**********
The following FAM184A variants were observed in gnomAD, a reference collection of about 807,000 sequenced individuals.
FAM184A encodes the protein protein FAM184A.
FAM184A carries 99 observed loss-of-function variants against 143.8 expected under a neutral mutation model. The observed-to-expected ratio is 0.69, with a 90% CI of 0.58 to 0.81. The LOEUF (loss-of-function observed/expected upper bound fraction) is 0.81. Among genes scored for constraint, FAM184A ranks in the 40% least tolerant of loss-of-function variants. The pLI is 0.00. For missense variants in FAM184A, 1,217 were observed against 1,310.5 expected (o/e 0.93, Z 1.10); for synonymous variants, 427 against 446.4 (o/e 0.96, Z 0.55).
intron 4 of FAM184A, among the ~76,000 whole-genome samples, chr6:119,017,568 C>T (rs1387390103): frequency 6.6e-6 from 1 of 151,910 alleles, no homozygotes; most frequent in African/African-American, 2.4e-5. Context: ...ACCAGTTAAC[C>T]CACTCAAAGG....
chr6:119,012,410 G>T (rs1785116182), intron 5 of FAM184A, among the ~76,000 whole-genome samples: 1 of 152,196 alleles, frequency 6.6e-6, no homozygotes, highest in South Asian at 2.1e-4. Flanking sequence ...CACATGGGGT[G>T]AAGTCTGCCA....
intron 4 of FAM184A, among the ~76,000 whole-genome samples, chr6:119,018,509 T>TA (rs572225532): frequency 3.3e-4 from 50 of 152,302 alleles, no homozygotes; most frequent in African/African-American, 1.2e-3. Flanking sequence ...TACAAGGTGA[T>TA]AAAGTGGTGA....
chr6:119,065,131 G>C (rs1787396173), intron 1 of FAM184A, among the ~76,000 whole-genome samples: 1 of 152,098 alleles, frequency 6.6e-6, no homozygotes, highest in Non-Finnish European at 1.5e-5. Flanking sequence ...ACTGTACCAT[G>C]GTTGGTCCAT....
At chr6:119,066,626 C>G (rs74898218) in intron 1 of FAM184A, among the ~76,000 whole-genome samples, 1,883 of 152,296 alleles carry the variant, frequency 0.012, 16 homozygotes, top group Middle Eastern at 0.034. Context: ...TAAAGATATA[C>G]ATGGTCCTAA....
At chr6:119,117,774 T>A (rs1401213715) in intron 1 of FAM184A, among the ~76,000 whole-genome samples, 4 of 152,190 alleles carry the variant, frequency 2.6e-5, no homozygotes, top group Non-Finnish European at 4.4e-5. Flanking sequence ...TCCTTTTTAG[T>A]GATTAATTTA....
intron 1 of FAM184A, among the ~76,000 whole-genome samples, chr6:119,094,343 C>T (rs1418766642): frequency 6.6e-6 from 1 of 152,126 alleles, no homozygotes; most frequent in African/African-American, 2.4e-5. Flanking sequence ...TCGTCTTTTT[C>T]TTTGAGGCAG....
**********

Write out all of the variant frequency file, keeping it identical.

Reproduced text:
The following FAM184A variants were observed in gnomAD, a reference collection of about 807,000 sequenced individuals.
FAM184A encodes the protein protein FAM184A.
FAM184A carries 99 observed loss-of-function variants against 143.8 expected under a neutral mutation model. The observed-to-expected ratio is 0.69, with a 90% CI of 0.58 to 0.81. The LOEUF (loss-of-function observed/expected upper bound fraction) is 0.81. Among genes scored for constraint, FAM184A ranks in the 40% least tolerant of loss-of-function variants. The pLI is 0.00. For missense variants in FAM184A, 1,217 were observed against 1,310.5 expected (o/e 0.93, Z 1.10); for synonymous variants, 427 against 446.4 (o/e 0.96, Z 0.55).
intron 4 of FAM184A, among the ~76,000 whole-genome samples, chr6:119,017,568 C>T (rs1387390103): frequency 6.6e-6 from 1 of 151,910 alleles, no homozygotes; most frequent in African/African-American, 2.4e-5. Context: ...ACCAGTTAAC[C>T]CACTCAAAGG....
chr6:119,012,410 G>T (rs1785116182), intron 5 of FAM184A, among the ~76,000 whole-genome samples: 1 of 152,196 alleles, frequency 6.6e-6, no homozygotes, highest in South Asian at 2.1e-4. Flanking sequence ...CACATGGGGT[G>T]AAGTCTGCCA....
intron 4 of FAM184A, among the ~76,000 whole-genome samples, chr6:119,018,509 T>TA (rs572225532): frequency 3.3e-4 from 50 of 152,302 alleles, no homozygotes; most frequent in African/African-American, 1.2e-3. Flanking sequence ...TACAAGGTGA[T>TA]AAAGTGGTGA....
chr6:119,065,131 G>C (rs1787396173), intron 1 of FAM184A, among the ~76,000 whole-genome samples: 1 of 152,098 alleles, frequency 6.6e-6, no homozygotes, highest in Non-Finnish European at 1.5e-5. Flanking sequence ...ACTGTACCAT[G>C]GTTGGTCCAT....
At chr6:119,066,626 C>G (rs74898218) in intron 1 of FAM184A, among the ~76,000 whole-genome samples, 1,883 of 152,296 alleles carry the variant, frequency 0.012, 16 homozygotes, top group Middle Eastern at 0.034. Context: ...TAAAGATATA[C>G]ATGGTCCTAA....
At chr6:119,117,774 T>A (rs1401213715) in intron 1 of FAM184A, among the ~76,000 whole-genome samples, 4 of 152,190 alleles carry the variant, frequency 2.6e-5, no homozygotes, top group Non-Finnish European at 4.4e-5. Flanking sequence ...TCCTTTTTAG[T>A]GATTAATTTA....
intron 1 of FAM184A, among the ~76,000 whole-genome samples, chr6:119,094,343 C>T (rs1418766642): frequency 6.6e-6 from 1 of 152,126 alleles, no homozygotes; most frequent in African/African-American, 2.4e-5. Flanking sequence ...TCGTCTTTTT[C>T]TTTGAGGCAG....